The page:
Why everyone is talking about Amy Schumer

She’s a feminist comedian who doesn’t shy away from ridiculing women. She reaches millions of viewers on the internet without breaking a sweat. Oh, and she’s just really, really funny.

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If you’re British and not constantly hooked up to a social media drip feed you’d just about be forgiven for never having heard of the American stand up comic and sketch writer Amy Schumer. “No one here has heard of me,” she told Graham Norton on his show on Friday, before proceeding to be the funniest thing on there by a country mile. Even if it were true, after such a performance, and the imminent release of her first film Trainwreck (written by her and directed by Judd Apatow) this is unlikely to be the case for long. On the internet, Schumer is everywhere. Her sudden prominence, despite her show Inside Amy Schumer having launched in 2012, is largely thanks to a series of sketches that have gone spectacularly viral (in one of the most recent she plays Bill Cosby’s defence lawyer, handing out sweaters to the jury in the “Court of Public Opinion” and telling them they should be able to “watch like nobody’s raping”).

By combining bitingly hilarious cultural criticism and parody with a slutty, feckless, and amoral stand up persona, Schumer has hit on a winning formula. Though ostensibly contradictory, the many factors that come into play in her comedy are also what takes it to the next level. I’d go as far to say that it’s perhaps some of the most sophisticated comedy writing on our screens right now. Schumer’s feminism is unapologetic, her skewering of the daily injustices that women face (and their complicity in them) is merciless. And yet crucially she is never, ever worthy. She challenges society’s perceptions of womanhood in ways that manage to be simultaneously revolutionary, hilarious and utterly filthy. In doing so she has changed the landscape of comedy forever.

There’s no doubt that the immediacy of the internet has played a role in Schumer’s success. Her work is immensely topical, and very shareable – both factors in the so-called “virality” of “content”, if you’ll excuse the hideous, hideous sentence. But it’s also Schumer’s feminism, which, while tapping into the internet’s enthusiasm for social justice movements, holds itself apart enough to examine and mock itself, pushing its own boundaries in myriad tasteless and uproarious ways.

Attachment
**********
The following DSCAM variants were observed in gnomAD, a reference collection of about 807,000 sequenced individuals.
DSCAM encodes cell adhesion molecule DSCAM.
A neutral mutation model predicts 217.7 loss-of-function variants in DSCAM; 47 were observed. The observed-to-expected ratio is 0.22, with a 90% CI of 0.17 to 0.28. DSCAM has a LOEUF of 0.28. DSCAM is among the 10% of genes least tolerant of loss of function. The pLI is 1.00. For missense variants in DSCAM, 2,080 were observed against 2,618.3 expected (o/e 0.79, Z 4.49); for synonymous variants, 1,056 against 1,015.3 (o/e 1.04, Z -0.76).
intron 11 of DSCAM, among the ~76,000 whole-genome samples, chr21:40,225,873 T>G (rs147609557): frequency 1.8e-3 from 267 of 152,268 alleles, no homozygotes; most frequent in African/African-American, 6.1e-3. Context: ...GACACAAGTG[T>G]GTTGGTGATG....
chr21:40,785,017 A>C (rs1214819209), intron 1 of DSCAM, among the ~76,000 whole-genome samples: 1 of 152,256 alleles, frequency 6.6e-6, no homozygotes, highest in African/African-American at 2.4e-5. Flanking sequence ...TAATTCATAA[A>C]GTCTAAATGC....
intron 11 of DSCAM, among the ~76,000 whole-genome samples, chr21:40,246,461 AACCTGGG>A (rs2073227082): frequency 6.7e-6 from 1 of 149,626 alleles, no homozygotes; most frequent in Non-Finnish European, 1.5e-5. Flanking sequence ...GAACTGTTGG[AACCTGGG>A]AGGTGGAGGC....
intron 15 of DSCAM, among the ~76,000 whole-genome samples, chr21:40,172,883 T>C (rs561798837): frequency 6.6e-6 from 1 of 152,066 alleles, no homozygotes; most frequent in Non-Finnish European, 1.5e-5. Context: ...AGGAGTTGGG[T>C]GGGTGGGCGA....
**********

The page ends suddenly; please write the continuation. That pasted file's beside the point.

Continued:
Schumer carefully treads the boundary between being heartfelt and being funny, a delicate balance perhaps best illustrated by her speech about female confidence – perhaps, I’d say, the most moving speech that has ever featured an inner monologue that takes place during cunnilingus – at the Ms. gala in early 2014. As well as including such lines as “I felt paralysed. His asshole is a canyon, and this was my 127 Hours. I might chew my arm off,” it ended movingly with the words:

I am a woman with thoughts and questions and shit to say. I say if I’m beautiful. I say if I’m strong. You will not determine my story – I will. I will speak and share and fuck and love and I will never apologise to the frightened millions who resent that they never had it in them to do it. I stand here and I am amazing, for you. Not because of you. I am not who I sleep with. I am not my weight. I am not my mother. I am myself. And I am all of you, and I thank you.”

It was fiercely funny, but also fiercely galvanising – a quality that is becoming a hallmark of her work.

Schumer certainly has “shit to say”. I first began to love her in 2012 when I came across her standup show “Mostly Sex Stuff”. Within the first ten minutes, she jokes about finally getting to sleep with her high school crush (“but he keeps wanting me to go to his graduation. Like I know where I’m going to be in three years, right?”) calls her mother a cunt, and discusses going to yoga after taking the morning after pill (“can these people tell I’m like, mid-aborsh right now?”) And it was a revelation, like watching the worst side of my own personality or that of my friends burst forth to express it’s every dark and hideous thought without fear of censure or “offending” someone. Part of her appeal is that she refuses to be the kind of well-behaved, people-pleaser that so many women in the public eye are expected to embody. In contrast to that stereotype, she couldn’t give a toss if you think she’s vulgar or fat or offensive or slutty (she owes much to Joan Rivers in these respects, yet to my mind has a talent for self-examination that surpasses her).